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HE reader must not suppose, from what precedes, that the case of Matilda was the only slave-defense in which Mr. Chase was engaged during this period of his life. He was counsel in so many that finally he came to be known in Kentucky as the “attorney-general for runaway negroes.” But the absence of all invective and denunciation, and indeed of all passion, in his management of such cases, with his uniform calmness and courtesy, and his evident desire to vindicate the law, measurably warded from him the personal disrespect which attended known antislavery men; so that when Mr. Chase went into Kentucky, as he sometimes did on professional business, the Kentuckians usually treated him with marked deference and kindness. Touching his office as “attorney-general for runaway negroes,” Mr. Chase protested his liking for it, because there were neither fees nor perquisites nor salary attending upon its duties. He never refused his help to any poor man, white or black. But it would be an utter mistake to suppose that Mr. Chase was not an object of hate; for he was—of hate bitter and unrelenting. It is difficult now for any one unacquainted with the earlier days of the slavery struggle, to form a very correct idea of the intense feeling which filled the minds of almost all men— North and South—on this subject. The popular sentiment was deeply and vindictively pro-slavery. It pervaded all classes and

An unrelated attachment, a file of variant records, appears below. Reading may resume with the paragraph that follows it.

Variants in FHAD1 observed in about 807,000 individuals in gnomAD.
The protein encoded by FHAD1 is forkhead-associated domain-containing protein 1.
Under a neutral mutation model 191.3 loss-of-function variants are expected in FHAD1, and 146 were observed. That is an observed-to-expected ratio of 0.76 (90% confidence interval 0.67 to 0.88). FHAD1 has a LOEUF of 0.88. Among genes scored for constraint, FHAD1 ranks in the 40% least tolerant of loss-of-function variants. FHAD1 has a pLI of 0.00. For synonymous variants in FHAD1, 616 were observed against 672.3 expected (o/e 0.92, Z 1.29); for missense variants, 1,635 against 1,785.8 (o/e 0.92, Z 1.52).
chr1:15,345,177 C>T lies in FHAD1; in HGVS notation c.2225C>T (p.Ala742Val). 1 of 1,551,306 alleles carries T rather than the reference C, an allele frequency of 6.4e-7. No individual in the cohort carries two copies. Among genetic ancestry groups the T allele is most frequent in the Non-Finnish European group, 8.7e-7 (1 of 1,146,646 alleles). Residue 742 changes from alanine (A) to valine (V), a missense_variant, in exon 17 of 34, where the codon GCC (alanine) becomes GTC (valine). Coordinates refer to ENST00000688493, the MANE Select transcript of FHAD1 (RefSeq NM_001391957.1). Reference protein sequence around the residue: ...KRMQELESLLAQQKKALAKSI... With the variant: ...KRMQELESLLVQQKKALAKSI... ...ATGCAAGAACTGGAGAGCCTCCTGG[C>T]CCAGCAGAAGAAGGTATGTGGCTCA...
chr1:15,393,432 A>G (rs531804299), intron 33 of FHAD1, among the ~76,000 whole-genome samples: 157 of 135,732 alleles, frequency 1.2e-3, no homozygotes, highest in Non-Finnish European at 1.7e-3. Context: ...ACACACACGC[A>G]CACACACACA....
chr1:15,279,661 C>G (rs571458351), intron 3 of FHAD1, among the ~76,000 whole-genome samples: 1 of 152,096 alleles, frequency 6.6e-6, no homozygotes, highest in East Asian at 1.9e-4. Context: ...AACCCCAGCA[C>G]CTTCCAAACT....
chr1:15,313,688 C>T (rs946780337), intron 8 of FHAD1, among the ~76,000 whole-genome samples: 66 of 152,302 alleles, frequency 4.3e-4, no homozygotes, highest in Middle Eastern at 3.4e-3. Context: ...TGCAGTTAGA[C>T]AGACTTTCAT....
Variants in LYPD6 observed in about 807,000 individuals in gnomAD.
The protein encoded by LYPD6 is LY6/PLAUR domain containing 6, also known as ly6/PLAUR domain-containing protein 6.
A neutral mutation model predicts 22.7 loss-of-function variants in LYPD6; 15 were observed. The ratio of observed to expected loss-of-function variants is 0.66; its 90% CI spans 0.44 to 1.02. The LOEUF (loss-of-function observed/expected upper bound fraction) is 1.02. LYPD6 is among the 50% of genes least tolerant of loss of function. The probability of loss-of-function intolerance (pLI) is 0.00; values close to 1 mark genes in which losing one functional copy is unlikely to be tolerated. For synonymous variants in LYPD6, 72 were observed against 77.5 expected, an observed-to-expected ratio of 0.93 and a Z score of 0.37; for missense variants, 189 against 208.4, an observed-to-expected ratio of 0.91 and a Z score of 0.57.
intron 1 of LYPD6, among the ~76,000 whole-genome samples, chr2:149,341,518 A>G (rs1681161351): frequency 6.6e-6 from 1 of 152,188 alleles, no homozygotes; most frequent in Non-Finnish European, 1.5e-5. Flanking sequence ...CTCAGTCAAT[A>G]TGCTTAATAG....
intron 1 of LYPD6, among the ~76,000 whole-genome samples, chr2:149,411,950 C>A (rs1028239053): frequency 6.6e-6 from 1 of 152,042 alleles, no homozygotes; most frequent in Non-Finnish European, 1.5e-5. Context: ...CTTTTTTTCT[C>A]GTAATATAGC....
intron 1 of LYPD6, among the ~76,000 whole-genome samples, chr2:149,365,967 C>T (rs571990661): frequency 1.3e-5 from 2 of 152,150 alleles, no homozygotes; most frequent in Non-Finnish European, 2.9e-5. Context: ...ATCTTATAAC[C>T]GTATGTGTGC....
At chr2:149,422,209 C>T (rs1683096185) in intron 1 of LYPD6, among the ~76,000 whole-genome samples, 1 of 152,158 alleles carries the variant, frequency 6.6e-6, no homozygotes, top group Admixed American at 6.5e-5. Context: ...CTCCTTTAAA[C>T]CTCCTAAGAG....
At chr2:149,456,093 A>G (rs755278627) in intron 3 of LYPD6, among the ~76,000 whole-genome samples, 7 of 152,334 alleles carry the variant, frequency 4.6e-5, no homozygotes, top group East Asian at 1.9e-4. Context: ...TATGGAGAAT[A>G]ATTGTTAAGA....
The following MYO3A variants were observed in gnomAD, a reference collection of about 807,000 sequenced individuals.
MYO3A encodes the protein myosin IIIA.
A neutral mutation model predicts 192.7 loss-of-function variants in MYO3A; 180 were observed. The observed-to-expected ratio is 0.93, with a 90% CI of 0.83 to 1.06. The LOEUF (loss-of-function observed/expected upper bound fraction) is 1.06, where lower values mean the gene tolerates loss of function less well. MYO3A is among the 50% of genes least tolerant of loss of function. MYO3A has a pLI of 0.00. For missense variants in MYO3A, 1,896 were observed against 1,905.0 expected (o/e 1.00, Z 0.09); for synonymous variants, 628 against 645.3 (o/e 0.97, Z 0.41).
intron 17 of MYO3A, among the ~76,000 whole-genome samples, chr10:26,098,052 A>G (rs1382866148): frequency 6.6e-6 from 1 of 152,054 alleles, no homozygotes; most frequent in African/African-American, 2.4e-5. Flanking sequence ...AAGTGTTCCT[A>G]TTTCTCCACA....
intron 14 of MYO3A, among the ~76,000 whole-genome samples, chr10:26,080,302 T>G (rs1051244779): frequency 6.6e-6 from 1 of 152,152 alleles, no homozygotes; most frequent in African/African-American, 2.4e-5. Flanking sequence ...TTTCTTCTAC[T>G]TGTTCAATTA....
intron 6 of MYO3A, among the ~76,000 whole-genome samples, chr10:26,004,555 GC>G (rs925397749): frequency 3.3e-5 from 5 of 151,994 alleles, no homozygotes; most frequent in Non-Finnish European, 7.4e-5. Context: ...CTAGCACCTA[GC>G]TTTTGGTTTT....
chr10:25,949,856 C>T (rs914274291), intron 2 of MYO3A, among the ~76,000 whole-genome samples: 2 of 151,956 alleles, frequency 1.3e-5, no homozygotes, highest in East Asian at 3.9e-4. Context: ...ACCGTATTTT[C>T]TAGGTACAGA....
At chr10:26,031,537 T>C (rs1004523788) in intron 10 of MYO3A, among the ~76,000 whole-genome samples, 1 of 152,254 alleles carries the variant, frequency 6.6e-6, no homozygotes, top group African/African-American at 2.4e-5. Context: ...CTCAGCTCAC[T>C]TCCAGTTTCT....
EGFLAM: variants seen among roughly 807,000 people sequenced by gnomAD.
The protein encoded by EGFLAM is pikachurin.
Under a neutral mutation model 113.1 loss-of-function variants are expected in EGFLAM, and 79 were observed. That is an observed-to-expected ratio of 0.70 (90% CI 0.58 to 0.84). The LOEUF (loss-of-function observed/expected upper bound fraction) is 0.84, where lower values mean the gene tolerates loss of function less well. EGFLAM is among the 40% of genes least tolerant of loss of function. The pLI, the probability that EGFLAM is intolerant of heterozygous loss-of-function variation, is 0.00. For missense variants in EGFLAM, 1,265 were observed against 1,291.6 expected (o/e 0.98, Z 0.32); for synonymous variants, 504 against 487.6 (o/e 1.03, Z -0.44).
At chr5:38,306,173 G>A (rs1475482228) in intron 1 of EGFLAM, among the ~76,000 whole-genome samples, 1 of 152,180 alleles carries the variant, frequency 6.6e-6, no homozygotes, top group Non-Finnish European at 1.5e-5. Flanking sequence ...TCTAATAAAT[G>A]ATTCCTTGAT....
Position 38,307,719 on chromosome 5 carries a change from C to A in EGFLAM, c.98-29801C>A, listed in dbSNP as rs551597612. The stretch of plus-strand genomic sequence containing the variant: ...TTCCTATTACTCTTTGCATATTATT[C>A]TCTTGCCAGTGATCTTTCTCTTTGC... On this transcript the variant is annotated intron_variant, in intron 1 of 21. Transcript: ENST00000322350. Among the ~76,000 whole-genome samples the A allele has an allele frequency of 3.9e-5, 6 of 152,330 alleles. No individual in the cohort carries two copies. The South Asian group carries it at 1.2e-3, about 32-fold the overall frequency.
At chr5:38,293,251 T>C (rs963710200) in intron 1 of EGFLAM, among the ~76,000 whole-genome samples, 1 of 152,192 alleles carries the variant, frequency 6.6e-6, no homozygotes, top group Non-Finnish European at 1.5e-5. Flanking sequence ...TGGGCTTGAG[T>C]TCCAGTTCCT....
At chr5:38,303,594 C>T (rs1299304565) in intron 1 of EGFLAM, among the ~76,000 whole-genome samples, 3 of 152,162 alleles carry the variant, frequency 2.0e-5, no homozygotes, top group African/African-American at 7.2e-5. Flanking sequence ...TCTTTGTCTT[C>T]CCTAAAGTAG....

all professions. It colored legislation, administration, and even judicial decisions. It was a sort of frenzy which allowed no heresy in respect of its idol. In 1842 a slave-case surrounded by circumstances of dramatic interest happened in Hamilton County, Ohio, which excited a wide and profound attention. John Van Zandt, who is the original of John Van Trômpe in “Uncle Tom's Cabin,” was an old man; a Kentuckian, who had emigrated from that State into Ohio; a member of the Methodist Church, tuneducated but large-hearted; a friend of the slaves; who by hard work and thrift had secured a small farm in the vicinity of Cincinnati. He was an abolitionist from principle and sympathy. He believed slaveholding to be wrong, and his kindly nature was prompt to succor the distressed, and found especial gratification in aiding the escape of fugitive slaves. On the night of Friday, the 22d of April, nine slaves escaped from Kentucky into Ohio. Probably they escaped without the aid of other persons. But they found friends on the Ohio side of the river; and the next day, when Van Zandt was returning home from Cincinnati, these nine fugitives—among them a husband and wife and their three children—were found by him in the road. The wife was the daughter of an aged couple of black persons living near Cincinnati, who had once been slaves; who had grown old and infirm, while of their ten children not one was permitted to be the companion of their declining years, for all were slaves in slave States. Moved by sympathy, Van Zandt undertook to carry them some distance in his wagon. One of the slaves, Andrew, acted as driver. About fifteen or sixteen miles north of Cincinnati, on the public road and in broad daylight, two bold villains, Hargraves and Hefferman, with the help of some other persons of like character, violently stopped the travelers, and succeeded in securing all the fugitives except two: Andrew the driver, and another, who escaped. One of these subsequently returned to Kentucky. The slaves were put into a wagon, and without authority from any claimant, without any knowledge to whom the alleged slaves belonged, or indeed any certain knowledge that they were slaves at all, and without resort to legal proceedings of any kind,